Opinion: The left’s poisoning of the educational infrastructure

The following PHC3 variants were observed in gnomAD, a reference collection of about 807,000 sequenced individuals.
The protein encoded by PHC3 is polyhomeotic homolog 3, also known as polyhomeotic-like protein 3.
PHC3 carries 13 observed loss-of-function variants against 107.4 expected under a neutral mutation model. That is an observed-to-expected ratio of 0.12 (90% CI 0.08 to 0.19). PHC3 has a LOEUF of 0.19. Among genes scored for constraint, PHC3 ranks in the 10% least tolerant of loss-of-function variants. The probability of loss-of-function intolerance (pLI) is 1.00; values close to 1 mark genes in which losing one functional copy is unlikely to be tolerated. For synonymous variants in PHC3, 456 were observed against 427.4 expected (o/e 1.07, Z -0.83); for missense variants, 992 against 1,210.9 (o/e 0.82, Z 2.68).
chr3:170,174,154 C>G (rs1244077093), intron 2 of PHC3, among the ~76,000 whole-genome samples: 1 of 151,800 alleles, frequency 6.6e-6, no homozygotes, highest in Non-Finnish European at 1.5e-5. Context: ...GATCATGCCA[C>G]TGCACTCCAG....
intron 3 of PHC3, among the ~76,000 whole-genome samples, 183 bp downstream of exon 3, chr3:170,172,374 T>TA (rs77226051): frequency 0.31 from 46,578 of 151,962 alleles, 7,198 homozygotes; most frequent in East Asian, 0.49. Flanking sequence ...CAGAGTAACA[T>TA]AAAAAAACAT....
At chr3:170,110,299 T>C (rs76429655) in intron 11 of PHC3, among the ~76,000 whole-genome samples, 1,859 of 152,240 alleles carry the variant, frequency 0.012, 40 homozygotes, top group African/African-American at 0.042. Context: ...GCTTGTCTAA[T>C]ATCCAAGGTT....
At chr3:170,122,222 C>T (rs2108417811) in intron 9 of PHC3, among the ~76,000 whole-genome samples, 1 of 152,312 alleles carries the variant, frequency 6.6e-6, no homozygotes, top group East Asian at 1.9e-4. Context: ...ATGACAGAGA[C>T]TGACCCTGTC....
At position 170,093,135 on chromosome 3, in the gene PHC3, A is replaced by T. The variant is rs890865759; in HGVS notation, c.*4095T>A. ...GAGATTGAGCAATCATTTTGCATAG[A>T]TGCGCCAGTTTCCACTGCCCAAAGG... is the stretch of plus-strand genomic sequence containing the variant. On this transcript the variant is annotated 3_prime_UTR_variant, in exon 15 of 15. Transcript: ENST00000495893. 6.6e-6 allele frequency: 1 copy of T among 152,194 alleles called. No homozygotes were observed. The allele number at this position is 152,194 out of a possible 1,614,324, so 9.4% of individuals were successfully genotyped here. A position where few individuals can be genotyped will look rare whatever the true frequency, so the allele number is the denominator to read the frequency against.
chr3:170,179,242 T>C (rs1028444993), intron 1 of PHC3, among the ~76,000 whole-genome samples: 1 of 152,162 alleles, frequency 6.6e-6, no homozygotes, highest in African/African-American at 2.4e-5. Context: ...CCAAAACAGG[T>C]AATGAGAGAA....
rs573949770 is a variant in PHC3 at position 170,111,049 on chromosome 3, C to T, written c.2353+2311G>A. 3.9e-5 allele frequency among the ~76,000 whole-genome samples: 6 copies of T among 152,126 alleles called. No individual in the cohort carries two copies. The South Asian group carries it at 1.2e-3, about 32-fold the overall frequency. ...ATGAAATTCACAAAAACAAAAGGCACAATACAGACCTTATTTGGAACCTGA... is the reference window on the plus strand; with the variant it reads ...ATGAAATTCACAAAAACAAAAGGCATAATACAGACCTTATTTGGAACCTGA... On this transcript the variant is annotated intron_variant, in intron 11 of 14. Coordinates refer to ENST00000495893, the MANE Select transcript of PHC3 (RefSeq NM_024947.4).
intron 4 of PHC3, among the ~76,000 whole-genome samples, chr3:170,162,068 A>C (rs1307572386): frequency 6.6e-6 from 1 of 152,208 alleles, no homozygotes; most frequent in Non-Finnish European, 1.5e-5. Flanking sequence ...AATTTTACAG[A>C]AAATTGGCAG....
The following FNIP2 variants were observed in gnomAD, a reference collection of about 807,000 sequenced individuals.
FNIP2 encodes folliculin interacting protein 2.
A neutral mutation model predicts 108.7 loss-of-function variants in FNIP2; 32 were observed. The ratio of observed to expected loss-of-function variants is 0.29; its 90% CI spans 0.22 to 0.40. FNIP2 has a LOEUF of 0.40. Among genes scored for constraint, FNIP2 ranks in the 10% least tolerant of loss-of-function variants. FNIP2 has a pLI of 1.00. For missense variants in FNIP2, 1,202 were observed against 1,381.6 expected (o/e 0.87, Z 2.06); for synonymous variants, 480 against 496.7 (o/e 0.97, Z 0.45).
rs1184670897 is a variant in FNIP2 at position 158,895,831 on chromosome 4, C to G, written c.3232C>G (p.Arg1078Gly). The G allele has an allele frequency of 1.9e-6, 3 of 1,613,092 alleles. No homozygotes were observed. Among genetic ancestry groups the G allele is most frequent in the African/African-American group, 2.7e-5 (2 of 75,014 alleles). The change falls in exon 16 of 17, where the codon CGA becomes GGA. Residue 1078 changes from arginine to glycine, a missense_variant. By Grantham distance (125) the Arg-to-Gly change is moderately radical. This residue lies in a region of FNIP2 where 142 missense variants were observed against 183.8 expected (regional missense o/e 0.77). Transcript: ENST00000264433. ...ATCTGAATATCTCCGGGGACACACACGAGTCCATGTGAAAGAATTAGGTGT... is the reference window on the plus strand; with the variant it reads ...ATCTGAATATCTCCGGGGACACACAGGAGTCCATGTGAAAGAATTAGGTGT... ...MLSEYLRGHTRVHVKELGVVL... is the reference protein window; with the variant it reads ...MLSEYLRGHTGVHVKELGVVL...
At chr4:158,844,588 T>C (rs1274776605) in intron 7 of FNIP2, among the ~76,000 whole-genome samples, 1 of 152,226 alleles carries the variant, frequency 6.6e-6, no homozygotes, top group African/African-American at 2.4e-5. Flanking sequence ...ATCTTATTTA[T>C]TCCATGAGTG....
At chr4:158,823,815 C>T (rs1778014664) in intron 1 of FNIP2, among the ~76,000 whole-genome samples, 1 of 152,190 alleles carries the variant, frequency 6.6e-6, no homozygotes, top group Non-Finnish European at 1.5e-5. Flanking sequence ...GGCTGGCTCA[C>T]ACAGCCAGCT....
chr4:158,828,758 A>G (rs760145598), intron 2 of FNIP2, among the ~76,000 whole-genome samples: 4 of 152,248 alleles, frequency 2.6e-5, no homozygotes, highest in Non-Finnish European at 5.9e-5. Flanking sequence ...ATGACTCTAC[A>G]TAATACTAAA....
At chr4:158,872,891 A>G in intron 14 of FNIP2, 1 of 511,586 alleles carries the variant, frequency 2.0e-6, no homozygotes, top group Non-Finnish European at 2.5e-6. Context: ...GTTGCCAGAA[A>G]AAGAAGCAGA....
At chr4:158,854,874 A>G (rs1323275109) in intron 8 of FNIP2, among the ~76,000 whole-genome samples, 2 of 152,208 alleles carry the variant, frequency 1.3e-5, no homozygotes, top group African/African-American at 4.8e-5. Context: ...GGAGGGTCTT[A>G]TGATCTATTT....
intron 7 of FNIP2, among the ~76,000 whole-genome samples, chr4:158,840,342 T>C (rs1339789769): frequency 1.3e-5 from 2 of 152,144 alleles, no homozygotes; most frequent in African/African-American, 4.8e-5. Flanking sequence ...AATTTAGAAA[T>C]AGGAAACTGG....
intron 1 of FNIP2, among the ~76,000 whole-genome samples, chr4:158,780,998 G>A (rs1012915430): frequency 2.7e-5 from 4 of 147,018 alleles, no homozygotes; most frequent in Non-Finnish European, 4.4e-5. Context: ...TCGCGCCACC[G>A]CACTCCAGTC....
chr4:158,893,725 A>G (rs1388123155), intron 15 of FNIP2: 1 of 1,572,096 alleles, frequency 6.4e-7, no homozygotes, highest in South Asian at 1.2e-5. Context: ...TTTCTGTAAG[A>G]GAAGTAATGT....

Courtesy of our educational infrastructure having been transformed into leftist indoctrination centers, the result is politicians who care only about ideology where citizens are collateral damage in their march toward a leftist utopia. Our media is populated with news-actors who are similarly bound to their teachers’ idols of social justice, political correctness and identity politics. All of our institutions are suffering from the twin masters of identity politics and woke philosophy. In New York City during the riots, two individuals were arrested for attempting to bomb a marked New York Police Department cruiser with a Molotov cocktail. Upon arrest, police found additional material in the car to make more Molotov cocktails, and the booking complaint alleges they intended to hand out the bombs to other rioters. The kicker? Both of the suspects are lawyers. One, Colinford Mattis, a 32-year-old man had been working with a corporate law firm in New York City, and is a graduate of Princeton University. The other, Urooj Rahman, a 31-year old woman, is a graduate of Fordham Law School and was admitted to the bar in 2019. On her Facebook page, she fashions herself a “human rights lawyer.” His background as an “anti-poverty intern” for a mayor of San Francisco was listed on LinkedIn, as well as being president of the Princeton Black Student Union. With such promising backgrounds and illustrious educations, we must ask, what went wrong? Education went wrong, which is a dangerous realization, considering its importance not just as a conveyer of information, but as an important and formidable influence on character and values. With the breakdown of the American family, for many, the leftist indoctrination at the academy is the only instruction on life and principles to which they’ve been exposed. On Twitter, the Federalist’s Molly Hemingway noted, “Battle lines are more clearly being drawn these days, between those who clearly believe America is irredeemably evil and must be violently overthrown and those who believe America remains the greatest country on earth, based on rule of law, individual liberty, and inalienable rights. Decades of public education have given the former group a *huge* advantage, reinforced by media that awards itself prizes to indoctrinate message. The seriousness of that side now being impossible to ignore, however, finally forces the rule of law side to realize the fight must be engaged.” As leftists consumed public education, they accepted open-minded young people into their realm and are now vomiting them back up as heartless anarchists. The issue is not just at Ivy League institutions, it is a systemwide problem. Case in point is brought to us by the University of Alabama Birmingham (UAB). In the midst of violent rioting in dozens of cities across the United States, and on the same night rioters set fire to Washington, D.C.’s historic St. John’s Episcopal Church, Sarah Parcak, a faculty member of UAB went to Twitter encouraging people to topple a local monument she deemed a racist insult. “Ms. Parcak began coaching rioters about how to tear down monuments as networks covered the unrest in Washington on Sunday night. ‘PSA for ANYONE who might be interested in how to pull down an obelisk* safely from an Egyptologist who never ever in a million years thought this advice might come in handy,’ Ms. Parcak tweeted. She went on to fire off more than a dozen tweets demonstrating how protesters could topple obelisks …,” The Washington Times reported. On Parcak’s bizarre tweet frenzy encouraging mayhem, Mark Bauerlein, the editor of First Things Magazine, a journal on religion and public life, said, “The crucial point in this maniacal tweet is that this professor has been honored by TED, the Smithsonian, and the Guggenheim,” and asked, “Many advocates of disorder now occupy elite institutions that have in the past been the guarantors of order. Who let them in?” Kyle Shideler, the director/senior analyst for homeland security and counterterrorism at the Center for Security Policy, has the most direct answer: “They took over the academy and all credentialing. The middle and lower-middle-class families in this country paid millions to let the Weather Underground raise their kids in hopes they would climb the social ladder,” as he responded on social media. A Fox News producer inquired with UAB if it had any comment about a faculty member encouraging the destruction of property and mayhem on a night when the nation was aflame in violence. UAB responded, “These are not the opinions of the university. Our 45,000+ students, faculty and staff often use social media to express thoughts that do not necessarily reflect the voice of the university. If a public comment by a member of the campus community needs to be addressed by Student Affairs or Human Resources, it would be. However, personnel and student conduct matters are addressed privately between the individual and the institution.” Whoever Mattis’ and Rahman’s professors were, they weren’t out fixing up Molotov cocktails Sunday night, but for some reason their young charges allegedly were. And Parcak was no doubt comfortable in a chair during the 10 p.m. hour on a Sunday as she was tweet-inciting others to put themselves and their futures at great risk. Why put yourself on the line when others who look up to you are too naive to know you’re stuffing them into a cannon?